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"Lord Clarenceux had met her then," said Sir Cyril, speaking of Rosetta Rosa, the opera's soprano with the golden throat. I was drawn to the woman, and listneed eagerly. "She merely said she would think it over. She wouldn't sign a contract. After a week's negotiation, I was compelled to own myself beaten. Nothing happened for a time. She sang in Paris and America, and took her proper place as the first soprano in the world." Later, I spoke to her myself. "He is dead now," she told me. "You have heard -- everyone knows -- that I was once engaged to Lord Clarenceux. He was a friend. He loved me -- he died --" "Lord Clarenceux must have been a great man," I said. "That is exactly what he was. I wish I could describe him to you, but I cannot. He was immensely rich ...he fell in love with me, and offered me his hand. I declined -- I was afraid of him. He said he would shoot himself. And he would have done it; so I accepted. I should have ended by loving him. Lord Clarenceux died. And I am alone. I was terribly lonely after his death. I missed his jealousy ..."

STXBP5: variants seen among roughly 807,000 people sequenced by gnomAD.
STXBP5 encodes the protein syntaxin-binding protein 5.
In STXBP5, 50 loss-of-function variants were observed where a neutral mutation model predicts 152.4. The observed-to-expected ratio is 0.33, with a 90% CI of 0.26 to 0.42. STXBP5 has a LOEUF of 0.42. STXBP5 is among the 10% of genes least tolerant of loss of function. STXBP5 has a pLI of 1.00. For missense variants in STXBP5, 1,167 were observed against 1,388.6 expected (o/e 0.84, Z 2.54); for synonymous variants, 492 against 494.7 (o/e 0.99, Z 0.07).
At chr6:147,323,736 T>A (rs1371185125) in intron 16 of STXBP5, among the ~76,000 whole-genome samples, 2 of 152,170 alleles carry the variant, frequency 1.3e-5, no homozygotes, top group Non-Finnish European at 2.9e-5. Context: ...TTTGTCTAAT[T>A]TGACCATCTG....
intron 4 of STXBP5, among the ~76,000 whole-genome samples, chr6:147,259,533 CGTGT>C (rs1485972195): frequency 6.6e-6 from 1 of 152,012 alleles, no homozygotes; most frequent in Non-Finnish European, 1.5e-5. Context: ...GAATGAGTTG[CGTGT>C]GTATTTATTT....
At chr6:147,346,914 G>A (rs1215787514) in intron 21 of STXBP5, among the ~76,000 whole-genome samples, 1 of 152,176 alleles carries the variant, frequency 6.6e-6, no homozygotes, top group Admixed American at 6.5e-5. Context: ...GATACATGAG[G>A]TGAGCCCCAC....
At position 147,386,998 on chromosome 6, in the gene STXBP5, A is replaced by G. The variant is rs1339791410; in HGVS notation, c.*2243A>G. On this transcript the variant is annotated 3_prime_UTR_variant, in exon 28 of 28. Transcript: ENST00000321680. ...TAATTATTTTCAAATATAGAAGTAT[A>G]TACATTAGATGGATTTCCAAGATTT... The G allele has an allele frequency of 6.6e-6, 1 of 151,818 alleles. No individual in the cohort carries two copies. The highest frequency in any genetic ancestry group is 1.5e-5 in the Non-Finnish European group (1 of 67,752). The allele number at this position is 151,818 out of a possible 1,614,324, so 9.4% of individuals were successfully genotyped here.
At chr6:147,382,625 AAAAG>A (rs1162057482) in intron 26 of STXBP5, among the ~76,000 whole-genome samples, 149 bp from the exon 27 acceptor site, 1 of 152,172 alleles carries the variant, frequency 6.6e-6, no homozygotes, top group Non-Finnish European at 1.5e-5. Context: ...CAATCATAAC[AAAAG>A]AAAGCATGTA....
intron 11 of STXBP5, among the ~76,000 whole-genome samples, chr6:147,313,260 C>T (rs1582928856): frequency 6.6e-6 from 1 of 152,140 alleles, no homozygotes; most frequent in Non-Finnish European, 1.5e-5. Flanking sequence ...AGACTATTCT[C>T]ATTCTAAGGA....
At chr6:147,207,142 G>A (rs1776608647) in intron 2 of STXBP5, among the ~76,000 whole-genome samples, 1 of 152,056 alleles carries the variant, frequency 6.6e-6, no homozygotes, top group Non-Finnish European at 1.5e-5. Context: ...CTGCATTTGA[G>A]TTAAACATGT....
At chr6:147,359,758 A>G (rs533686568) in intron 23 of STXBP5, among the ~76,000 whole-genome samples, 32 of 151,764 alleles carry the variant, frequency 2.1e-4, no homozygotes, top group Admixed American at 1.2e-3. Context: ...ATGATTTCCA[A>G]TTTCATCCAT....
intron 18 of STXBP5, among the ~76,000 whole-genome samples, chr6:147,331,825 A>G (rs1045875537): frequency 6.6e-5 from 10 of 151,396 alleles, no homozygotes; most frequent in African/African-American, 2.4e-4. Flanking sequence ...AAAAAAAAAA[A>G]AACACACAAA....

Enoch Arnold Bennett (1867 - 1931) was an English writer. He is best known as a novelist, but he also worked in other fields such as the theatre, journalism, propaganda and films. In 1889 Bennett won a literary competition run by the magazine Tit-Bits and was encouraged to take up journalism full-time. In 1894 he became assistant editor of the magazine Woman. He noticed that the material offered by a syndicate to the magazine was not very good, so he wrote a serial that was bought by the syndicate for 75 pounds (equivalent to 10,000 in 2016). He then wrote another. This became The Grand Babylon Hotel. Just over four years later his novel A Man from the North was published to critical acclaim and he became editor of the magazine. In 1900 Bennett gave up the editorship of Woman and dedicated himself to writing full-time. However, he continued to write for newspapers and magazines while finding success in his career as a novelist. In 1926, at the suggestion of Lord Beaverbrook, he began writing an influential weekly article on books for the London newspaper the Evening Standard. One of Bennett's most popular non-fiction works was the self-help book How to Live on 24 Hours a Day. His diaries have yet to be published in full, but extracts from them have often been quoted in the British press.